Tonight, I trace figures on the frosted windowpane
like fluid lines of cursive
stenciled by the blade of a dancer’s skate.
Or like the stars outside giving shape
to the formlessness that surrounds them.
Their rhythm, shaped by darkness, patterns the sky.
For ten billion years, twisting
even as they’re held
in a single spot in the universe.

My nana looks out a different window.
Her fingers curl around the pain in her breast,
work rhythmically as steps in a dance,
or the continuous, deft motion
of the restless stars.

It is 1943. My nana, thirteen, finds herself
three days from home in a midwestern suburb.
She’s run away with the circus,
taking with her nothing but a worn pair of tap shoes,
a glamour shot of Ginger Rogers
from her mother’s Esquire, and the conviction
to not return until she sees her name, Pearl,
studded in Hollywood bulbs—
her lipstick a sequined gleam in the spotlight;
platinum hair and ivory skin
diamonds held to the light—
but now, she hears the ragtime
from the old Steinway, her voice singing
Sunny Side of the Street.
There are catcalls at her feet.
She undresses, one shoulder at a time,
forgets her lines, flashes a glimmer of thigh,
a can-can kick of her naked, pointed toe.
Men her father’s age
toss shiny silver coins on stage,
and what she sees then, the glint
in their eyes, the luster of the coins,
is nothing like the stars.

On a south Boston beach, the saxophonist plays
Sunny Side of the Street, his instrument
one more sparkle among the distant lights
of the nighttime city. He leads the big band
at the Hi-Hat where she auditioned.
There, she got her chance
with a man who could lift a song
from her throat with a melody
syncopated as the glimmer of her gown
under the spotlight. And at seventeen,
his wink and his smile when he caught her eye
might mean he saw in her a rude shine
he could polish, lustrous as his sax.
That together, they’d swing brighter—
only now, he has come up from behind
like the ocean at their back—His breath
hot on her neck, Leave your worries on the doorstop,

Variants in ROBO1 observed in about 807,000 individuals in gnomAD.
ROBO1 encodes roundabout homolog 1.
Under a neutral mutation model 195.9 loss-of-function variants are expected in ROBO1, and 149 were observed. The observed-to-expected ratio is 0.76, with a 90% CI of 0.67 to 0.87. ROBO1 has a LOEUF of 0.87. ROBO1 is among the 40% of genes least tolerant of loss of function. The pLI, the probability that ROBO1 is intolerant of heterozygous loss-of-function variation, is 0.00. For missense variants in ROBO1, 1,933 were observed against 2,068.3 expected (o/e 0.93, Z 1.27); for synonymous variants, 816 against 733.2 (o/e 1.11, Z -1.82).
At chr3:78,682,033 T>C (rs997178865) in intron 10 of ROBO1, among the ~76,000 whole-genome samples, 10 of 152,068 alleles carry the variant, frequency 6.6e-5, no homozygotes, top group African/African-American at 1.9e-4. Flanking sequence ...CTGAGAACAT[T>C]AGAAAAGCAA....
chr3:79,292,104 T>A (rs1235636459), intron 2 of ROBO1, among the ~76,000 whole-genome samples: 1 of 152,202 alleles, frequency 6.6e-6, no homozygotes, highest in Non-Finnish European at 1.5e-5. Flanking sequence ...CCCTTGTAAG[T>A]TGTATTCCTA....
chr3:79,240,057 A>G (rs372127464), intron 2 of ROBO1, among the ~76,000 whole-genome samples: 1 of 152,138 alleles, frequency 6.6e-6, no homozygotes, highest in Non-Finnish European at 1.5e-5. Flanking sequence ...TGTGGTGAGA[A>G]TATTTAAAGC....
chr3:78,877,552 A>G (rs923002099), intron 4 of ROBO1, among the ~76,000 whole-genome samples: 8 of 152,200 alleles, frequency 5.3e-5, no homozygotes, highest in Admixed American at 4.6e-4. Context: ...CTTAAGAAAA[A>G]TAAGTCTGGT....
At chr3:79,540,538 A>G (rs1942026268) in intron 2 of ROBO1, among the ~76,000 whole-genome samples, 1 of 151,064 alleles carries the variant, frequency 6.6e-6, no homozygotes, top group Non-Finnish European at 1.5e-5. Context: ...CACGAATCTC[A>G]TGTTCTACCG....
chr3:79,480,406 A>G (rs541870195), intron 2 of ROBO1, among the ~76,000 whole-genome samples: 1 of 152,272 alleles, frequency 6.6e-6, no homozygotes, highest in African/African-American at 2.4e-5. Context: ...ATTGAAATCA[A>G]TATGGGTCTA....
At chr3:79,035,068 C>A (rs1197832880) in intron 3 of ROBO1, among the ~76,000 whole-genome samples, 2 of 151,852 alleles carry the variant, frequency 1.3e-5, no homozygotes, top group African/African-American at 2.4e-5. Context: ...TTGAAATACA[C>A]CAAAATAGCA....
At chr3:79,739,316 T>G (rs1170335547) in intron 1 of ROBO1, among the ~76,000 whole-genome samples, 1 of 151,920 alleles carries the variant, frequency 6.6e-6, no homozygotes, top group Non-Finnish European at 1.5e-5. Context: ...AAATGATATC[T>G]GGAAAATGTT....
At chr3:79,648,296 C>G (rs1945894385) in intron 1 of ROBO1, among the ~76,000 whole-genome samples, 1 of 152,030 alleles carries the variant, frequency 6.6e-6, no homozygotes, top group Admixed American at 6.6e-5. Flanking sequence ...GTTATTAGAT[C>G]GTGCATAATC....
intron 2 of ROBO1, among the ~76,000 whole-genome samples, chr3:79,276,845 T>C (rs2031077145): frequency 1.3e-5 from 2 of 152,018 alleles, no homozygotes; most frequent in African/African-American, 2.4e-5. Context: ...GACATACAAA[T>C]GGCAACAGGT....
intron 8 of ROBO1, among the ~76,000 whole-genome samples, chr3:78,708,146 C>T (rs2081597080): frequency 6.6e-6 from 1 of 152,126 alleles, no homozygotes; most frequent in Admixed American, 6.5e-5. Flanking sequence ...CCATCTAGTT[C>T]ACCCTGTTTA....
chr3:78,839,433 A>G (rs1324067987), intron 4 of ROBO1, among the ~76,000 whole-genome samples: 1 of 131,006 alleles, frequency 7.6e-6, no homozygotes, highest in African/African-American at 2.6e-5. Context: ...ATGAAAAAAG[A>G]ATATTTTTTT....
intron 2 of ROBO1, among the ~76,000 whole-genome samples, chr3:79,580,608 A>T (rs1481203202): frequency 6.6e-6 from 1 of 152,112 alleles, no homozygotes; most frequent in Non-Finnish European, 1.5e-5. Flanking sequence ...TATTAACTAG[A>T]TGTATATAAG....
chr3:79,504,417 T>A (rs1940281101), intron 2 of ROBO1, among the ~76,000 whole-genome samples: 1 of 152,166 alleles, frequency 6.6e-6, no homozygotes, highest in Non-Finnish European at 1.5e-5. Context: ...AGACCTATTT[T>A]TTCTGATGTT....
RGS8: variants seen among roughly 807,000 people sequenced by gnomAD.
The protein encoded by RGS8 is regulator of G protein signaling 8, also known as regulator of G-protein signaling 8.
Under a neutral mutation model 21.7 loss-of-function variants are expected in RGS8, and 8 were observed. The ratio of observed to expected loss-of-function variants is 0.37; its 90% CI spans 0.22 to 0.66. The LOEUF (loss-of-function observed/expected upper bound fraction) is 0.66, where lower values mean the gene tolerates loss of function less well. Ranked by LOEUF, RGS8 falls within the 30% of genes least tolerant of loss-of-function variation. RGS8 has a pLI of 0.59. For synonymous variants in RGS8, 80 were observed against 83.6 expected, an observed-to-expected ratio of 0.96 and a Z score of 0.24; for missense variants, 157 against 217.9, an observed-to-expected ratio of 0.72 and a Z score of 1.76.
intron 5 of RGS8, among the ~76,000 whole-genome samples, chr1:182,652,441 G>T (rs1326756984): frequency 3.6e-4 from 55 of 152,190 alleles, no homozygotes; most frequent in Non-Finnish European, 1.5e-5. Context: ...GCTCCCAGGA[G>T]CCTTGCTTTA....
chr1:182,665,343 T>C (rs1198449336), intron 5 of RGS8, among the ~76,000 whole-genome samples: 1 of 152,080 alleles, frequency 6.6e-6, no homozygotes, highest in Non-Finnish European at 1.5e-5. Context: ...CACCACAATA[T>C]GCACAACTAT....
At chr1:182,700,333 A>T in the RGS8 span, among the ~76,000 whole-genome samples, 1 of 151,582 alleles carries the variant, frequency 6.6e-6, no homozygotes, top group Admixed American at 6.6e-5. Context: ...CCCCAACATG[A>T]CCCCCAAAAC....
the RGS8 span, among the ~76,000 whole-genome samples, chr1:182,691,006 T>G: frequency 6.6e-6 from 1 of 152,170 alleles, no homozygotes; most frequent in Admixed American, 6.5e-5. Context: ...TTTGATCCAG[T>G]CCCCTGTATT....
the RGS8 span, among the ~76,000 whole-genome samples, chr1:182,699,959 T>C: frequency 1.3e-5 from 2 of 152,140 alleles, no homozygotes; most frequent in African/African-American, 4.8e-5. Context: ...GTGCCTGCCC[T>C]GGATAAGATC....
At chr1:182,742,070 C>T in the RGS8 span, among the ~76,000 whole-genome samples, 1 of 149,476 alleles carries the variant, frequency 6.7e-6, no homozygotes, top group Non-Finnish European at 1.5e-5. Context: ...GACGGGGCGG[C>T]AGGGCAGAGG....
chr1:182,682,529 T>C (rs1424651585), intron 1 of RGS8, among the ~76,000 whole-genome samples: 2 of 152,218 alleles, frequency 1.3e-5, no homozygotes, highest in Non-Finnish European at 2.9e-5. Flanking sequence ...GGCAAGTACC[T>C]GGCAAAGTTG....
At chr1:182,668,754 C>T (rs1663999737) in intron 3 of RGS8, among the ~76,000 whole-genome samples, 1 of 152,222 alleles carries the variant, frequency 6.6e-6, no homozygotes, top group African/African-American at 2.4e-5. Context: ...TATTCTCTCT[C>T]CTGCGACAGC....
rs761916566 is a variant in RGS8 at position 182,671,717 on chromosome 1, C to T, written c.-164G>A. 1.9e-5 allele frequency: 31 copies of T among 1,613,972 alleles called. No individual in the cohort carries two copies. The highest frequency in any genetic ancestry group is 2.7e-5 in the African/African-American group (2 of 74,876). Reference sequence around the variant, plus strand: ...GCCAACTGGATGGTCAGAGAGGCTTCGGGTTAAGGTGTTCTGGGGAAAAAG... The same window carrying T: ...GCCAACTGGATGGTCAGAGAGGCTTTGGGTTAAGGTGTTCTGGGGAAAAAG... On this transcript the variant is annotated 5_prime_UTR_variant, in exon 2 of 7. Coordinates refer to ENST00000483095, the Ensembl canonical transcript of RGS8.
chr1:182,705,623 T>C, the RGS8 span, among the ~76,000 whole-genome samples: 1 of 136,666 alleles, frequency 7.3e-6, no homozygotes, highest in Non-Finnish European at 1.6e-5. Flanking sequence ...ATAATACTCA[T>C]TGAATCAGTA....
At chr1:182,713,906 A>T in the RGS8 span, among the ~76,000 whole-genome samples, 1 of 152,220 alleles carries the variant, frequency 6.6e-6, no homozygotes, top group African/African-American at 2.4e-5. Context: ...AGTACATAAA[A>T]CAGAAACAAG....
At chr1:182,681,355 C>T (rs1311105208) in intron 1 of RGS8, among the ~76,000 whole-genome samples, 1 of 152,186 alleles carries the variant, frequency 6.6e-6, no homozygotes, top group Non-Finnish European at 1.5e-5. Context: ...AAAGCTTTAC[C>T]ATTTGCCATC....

as he pushes her down to the sand.
She closes her eyes, turns her face away,
thinks if only she could remain
as she was on stage—luminous, beloved at a distance,
light years away—but instead, she lies very still
as he, Life can be so sweet, unsnaps her garter.
She is pinned under him,
so she leaves her body on the sand:
she will dance, dance with the stars
from her fixed spot in the heavens.
In rhythm with the constellations,
she will hold this moment,
like the sand clenched in her fist,
when she danced with the stars
to the promise of a song,
Life can be complete,
for ten billion years, radiating
against the blackness.

Tonight, my nana sits at her bedroom window
holding the breast that tomorrow she will lose.
I press my hand to the windowpane.
It is traced by stars, like my nana
the night she wrote her name
across the dull firmament of the sand;
each grain formed and stretched to shape
the constellation of herself.
The night she closed her eyes
and awoke to motherhood and a life
that didn’t seem to have anything to do with her—
just as the stars writhe each night
against the lusterless space that binds them there.
And what she tried to hold now becomes
exactly what the universe gives women like her:
this blackness in her hand; an indignity
so complete it can only be the stars’ want
to flit and go out—and suddenly her hand
becomes the blackness in her chest.
She’s back on the beach: she closes her eyes
to find herself a wayward star, arching her back
as she kicks and pirouettes, ten billion years
from her fixed spot in the universe,
and disappears.


ERICA LEE BRAVERMAN received an MFA in Poetry from the University of Oregon, and now lives in Eugene teaching English at a local community college. Her poems have appeared or are forthcoming in MiPOesias, Virginia Quarterly Review's Instapoetry Series, Paper Nautilus, and Blue Fifth Review. She is currently a finalist for a grant from the Elizabeth George Foundation.

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